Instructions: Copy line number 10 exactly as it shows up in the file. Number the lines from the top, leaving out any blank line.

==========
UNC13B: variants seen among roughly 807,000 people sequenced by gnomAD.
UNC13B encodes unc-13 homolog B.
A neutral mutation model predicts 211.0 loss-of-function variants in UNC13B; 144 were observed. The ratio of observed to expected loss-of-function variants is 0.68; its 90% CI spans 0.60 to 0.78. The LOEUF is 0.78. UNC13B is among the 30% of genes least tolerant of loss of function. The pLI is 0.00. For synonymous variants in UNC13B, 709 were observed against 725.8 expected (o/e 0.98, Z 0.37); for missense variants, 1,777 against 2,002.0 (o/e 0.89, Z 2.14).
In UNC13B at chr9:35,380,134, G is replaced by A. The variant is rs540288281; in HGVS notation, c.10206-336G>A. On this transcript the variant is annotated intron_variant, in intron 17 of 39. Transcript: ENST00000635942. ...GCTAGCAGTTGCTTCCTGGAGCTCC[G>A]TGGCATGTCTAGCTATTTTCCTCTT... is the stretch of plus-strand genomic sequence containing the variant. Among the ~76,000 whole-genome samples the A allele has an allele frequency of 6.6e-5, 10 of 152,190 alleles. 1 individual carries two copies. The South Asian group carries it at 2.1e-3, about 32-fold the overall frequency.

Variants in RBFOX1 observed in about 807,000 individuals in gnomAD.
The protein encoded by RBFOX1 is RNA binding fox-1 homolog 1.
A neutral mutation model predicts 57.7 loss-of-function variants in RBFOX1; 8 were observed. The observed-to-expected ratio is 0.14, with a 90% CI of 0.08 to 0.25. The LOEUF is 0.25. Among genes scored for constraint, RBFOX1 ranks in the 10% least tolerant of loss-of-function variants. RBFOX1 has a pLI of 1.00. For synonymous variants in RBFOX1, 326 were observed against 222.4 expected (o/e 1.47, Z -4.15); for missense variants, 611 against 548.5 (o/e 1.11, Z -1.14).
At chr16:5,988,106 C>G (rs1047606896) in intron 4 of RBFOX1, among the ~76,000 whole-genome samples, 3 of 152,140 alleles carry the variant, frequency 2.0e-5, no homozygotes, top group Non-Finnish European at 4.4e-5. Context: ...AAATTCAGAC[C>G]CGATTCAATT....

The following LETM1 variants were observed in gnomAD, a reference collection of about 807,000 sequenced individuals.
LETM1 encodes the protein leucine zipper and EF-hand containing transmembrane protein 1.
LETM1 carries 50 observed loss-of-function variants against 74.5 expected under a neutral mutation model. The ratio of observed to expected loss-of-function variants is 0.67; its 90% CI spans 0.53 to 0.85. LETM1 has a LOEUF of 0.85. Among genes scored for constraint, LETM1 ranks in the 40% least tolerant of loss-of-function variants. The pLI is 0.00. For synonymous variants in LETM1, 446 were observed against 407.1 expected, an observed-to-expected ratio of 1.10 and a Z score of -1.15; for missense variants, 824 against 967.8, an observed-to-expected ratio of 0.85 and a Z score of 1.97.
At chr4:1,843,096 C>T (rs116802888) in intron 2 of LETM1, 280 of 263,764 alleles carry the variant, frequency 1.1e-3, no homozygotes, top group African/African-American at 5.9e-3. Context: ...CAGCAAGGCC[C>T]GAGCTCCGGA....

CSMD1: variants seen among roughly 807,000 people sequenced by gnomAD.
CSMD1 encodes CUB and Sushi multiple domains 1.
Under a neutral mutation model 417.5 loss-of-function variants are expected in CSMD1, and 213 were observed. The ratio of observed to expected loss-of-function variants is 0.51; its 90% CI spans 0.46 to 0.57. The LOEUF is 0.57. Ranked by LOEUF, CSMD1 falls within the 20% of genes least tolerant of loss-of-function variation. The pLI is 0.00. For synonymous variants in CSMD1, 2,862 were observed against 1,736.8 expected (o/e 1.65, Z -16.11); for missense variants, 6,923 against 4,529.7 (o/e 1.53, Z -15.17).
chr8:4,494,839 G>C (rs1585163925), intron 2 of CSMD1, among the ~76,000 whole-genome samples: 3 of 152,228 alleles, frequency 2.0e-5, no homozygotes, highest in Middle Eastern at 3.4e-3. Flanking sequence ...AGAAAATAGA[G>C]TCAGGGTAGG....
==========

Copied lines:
LETM1 encodes the protein leucine zipper and EF-hand containing transmembrane protein 1.